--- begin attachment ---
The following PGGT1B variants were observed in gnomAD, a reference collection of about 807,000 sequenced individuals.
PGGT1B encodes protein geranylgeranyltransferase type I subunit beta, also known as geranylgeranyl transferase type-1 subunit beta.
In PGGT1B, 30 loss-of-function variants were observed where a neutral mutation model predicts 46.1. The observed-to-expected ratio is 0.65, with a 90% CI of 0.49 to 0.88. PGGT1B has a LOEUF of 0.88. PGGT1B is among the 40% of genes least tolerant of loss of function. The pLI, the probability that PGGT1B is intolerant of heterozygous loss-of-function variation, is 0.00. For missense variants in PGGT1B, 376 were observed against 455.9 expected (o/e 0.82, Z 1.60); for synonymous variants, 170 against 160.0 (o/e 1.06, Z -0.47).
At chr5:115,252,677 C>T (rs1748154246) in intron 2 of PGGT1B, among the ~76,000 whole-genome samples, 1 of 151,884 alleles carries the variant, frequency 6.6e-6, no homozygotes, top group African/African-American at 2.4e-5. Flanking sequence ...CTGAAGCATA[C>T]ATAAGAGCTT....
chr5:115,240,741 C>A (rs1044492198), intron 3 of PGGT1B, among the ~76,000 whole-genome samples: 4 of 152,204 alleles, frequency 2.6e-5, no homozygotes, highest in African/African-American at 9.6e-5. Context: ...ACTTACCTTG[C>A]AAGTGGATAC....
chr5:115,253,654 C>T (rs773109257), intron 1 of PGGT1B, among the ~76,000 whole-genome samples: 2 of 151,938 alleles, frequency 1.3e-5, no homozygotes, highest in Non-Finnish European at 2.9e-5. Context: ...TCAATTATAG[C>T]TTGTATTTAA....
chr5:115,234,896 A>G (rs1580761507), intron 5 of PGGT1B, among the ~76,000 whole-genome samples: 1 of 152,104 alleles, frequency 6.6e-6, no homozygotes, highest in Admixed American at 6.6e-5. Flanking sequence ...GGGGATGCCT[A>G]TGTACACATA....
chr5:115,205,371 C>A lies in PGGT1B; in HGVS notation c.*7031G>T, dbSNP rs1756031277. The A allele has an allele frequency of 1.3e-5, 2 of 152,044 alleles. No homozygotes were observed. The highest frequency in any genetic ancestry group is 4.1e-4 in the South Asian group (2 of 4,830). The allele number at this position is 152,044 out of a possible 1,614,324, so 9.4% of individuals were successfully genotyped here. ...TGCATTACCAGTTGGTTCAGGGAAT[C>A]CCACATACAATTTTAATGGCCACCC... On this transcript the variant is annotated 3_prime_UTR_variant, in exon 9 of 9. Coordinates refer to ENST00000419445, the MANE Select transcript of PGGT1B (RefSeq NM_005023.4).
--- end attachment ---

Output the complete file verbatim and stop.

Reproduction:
The following PGGT1B variants were observed in gnomAD, a reference collection of about 807,000 sequenced individuals.
PGGT1B encodes protein geranylgeranyltransferase type I subunit beta, also known as geranylgeranyl transferase type-1 subunit beta.
In PGGT1B, 30 loss-of-function variants were observed where a neutral mutation model predicts 46.1. The observed-to-expected ratio is 0.65, with a 90% CI of 0.49 to 0.88. PGGT1B has a LOEUF of 0.88. PGGT1B is among the 40% of genes least tolerant of loss of function. The pLI, the probability that PGGT1B is intolerant of heterozygous loss-of-function variation, is 0.00. For missense variants in PGGT1B, 376 were observed against 455.9 expected (o/e 0.82, Z 1.60); for synonymous variants, 170 against 160.0 (o/e 1.06, Z -0.47).
At chr5:115,252,677 C>T (rs1748154246) in intron 2 of PGGT1B, among the ~76,000 whole-genome samples, 1 of 151,884 alleles carries the variant, frequency 6.6e-6, no homozygotes, top group African/African-American at 2.4e-5. Flanking sequence ...CTGAAGCATA[C>T]ATAAGAGCTT....
chr5:115,240,741 C>A (rs1044492198), intron 3 of PGGT1B, among the ~76,000 whole-genome samples: 4 of 152,204 alleles, frequency 2.6e-5, no homozygotes, highest in African/African-American at 9.6e-5. Context: ...ACTTACCTTG[C>A]AAGTGGATAC....
chr5:115,253,654 C>T (rs773109257), intron 1 of PGGT1B, among the ~76,000 whole-genome samples: 2 of 151,938 alleles, frequency 1.3e-5, no homozygotes, highest in Non-Finnish European at 2.9e-5. Context: ...TCAATTATAG[C>T]TTGTATTTAA....
chr5:115,234,896 A>G (rs1580761507), intron 5 of PGGT1B, among the ~76,000 whole-genome samples: 1 of 152,104 alleles, frequency 6.6e-6, no homozygotes, highest in Admixed American at 6.6e-5. Flanking sequence ...GGGGATGCCT[A>G]TGTACACATA....
chr5:115,205,371 C>A lies in PGGT1B; in HGVS notation c.*7031G>T, dbSNP rs1756031277. The A allele has an allele frequency of 1.3e-5, 2 of 152,044 alleles. No homozygotes were observed. The highest frequency in any genetic ancestry group is 4.1e-4 in the South Asian group (2 of 4,830). The allele number at this position is 152,044 out of a possible 1,614,324, so 9.4% of individuals were successfully genotyped here. ...TGCATTACCAGTTGGTTCAGGGAAT[C>A]CCACATACAATTTTAATGGCCACCC... On this transcript the variant is annotated 3_prime_UTR_variant, in exon 9 of 9. Coordinates refer to ENST00000419445, the MANE Select transcript of PGGT1B (RefSeq NM_005023.4).